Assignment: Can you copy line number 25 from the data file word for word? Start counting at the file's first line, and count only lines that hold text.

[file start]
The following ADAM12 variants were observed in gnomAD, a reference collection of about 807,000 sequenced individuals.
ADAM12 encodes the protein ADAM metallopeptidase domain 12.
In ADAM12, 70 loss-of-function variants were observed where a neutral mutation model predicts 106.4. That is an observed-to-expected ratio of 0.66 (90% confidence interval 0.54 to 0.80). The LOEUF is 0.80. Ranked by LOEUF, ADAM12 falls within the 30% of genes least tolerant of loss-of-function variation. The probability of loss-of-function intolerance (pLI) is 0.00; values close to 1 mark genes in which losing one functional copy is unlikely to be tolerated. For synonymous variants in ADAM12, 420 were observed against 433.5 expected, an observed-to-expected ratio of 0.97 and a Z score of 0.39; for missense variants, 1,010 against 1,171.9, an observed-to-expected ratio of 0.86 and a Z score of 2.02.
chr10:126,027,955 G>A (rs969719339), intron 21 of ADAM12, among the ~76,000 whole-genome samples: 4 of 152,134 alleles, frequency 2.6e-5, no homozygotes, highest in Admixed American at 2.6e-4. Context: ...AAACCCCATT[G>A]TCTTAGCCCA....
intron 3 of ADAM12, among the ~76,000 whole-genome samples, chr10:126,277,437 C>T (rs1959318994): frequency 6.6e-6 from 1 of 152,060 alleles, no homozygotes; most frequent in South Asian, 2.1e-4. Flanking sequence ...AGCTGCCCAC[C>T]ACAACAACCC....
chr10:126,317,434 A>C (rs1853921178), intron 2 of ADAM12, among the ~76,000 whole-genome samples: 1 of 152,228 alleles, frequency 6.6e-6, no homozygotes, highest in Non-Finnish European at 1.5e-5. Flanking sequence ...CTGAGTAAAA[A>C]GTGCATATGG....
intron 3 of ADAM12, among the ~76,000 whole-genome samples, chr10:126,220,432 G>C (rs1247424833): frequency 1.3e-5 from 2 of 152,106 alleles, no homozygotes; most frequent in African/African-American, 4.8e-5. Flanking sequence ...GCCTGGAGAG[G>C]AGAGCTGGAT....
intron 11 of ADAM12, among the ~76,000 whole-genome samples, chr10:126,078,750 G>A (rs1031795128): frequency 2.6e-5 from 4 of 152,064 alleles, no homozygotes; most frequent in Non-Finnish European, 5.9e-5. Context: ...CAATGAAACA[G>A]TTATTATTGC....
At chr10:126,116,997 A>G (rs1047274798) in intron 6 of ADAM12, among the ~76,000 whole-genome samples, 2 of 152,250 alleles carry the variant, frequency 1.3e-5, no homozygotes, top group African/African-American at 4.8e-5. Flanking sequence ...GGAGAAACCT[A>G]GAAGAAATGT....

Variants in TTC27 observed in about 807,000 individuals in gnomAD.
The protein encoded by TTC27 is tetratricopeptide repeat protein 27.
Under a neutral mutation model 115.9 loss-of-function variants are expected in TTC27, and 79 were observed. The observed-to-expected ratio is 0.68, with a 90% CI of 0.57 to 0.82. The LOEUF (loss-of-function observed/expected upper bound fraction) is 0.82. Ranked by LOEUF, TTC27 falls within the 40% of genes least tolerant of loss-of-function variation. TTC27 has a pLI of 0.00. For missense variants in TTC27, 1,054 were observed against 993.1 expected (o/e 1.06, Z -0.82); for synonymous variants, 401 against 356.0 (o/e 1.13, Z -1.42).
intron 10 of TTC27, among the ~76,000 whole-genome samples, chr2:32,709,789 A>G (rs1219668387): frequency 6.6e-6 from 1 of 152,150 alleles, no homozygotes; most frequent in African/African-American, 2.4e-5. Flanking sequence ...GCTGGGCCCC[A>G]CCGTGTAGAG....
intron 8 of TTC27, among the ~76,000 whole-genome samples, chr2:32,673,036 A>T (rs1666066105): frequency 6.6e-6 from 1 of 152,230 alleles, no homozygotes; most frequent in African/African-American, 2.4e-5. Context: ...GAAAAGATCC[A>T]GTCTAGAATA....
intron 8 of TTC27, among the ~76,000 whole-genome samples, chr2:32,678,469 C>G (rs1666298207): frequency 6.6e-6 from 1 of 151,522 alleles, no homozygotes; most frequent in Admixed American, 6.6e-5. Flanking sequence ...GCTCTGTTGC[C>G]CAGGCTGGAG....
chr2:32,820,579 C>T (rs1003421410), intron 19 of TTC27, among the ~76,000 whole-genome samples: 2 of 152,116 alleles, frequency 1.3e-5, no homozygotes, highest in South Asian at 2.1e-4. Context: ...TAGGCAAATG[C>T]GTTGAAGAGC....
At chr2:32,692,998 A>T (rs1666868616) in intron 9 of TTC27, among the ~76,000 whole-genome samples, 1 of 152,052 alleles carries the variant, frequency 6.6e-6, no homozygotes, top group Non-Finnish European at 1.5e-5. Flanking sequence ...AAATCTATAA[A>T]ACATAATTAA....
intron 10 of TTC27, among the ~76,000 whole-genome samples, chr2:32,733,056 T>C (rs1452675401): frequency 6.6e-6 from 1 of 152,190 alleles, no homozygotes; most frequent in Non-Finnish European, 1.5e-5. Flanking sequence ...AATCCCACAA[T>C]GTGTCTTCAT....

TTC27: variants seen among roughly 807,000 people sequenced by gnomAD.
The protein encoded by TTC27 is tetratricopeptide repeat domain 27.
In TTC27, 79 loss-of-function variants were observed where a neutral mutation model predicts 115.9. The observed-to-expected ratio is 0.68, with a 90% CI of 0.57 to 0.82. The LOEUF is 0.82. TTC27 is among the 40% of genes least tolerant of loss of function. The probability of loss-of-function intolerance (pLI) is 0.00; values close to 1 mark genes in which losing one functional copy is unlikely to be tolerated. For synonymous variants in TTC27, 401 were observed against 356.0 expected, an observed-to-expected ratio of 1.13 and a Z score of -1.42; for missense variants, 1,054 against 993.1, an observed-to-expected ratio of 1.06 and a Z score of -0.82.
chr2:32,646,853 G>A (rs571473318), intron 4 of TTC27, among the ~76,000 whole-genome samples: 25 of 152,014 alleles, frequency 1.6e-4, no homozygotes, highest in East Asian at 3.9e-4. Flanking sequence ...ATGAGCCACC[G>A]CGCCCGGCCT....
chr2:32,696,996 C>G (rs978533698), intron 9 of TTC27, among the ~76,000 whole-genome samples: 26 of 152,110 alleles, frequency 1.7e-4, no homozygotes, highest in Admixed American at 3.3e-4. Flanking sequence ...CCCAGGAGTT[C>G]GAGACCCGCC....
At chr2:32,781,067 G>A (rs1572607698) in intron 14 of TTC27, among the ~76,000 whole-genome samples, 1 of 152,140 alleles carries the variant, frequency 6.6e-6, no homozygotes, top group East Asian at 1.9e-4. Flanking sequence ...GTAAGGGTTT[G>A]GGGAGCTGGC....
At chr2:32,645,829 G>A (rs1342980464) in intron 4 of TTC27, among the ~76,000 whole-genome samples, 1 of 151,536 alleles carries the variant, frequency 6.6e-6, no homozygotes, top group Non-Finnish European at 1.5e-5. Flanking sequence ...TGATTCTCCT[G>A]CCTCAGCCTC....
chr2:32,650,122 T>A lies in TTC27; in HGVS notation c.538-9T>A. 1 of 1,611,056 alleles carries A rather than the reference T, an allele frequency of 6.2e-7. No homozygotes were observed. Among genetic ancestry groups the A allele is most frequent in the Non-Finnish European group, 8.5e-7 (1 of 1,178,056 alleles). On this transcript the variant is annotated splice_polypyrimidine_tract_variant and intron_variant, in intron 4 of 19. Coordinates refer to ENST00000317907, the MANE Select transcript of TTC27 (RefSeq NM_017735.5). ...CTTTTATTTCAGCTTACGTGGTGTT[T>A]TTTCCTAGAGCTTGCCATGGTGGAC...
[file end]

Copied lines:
At chr2:32,645,829 G>A (rs1342980464) in intron 4 of TTC27, among the ~76,000 whole-genome samples, 1 of 151,536 alleles carries the variant, frequency 6.6e-6, no homozygotes, top group Non-Finnish European at 1.5e-5. Flanking sequence ...TGATTCTCCT[G>A]CCTCAGCCTC....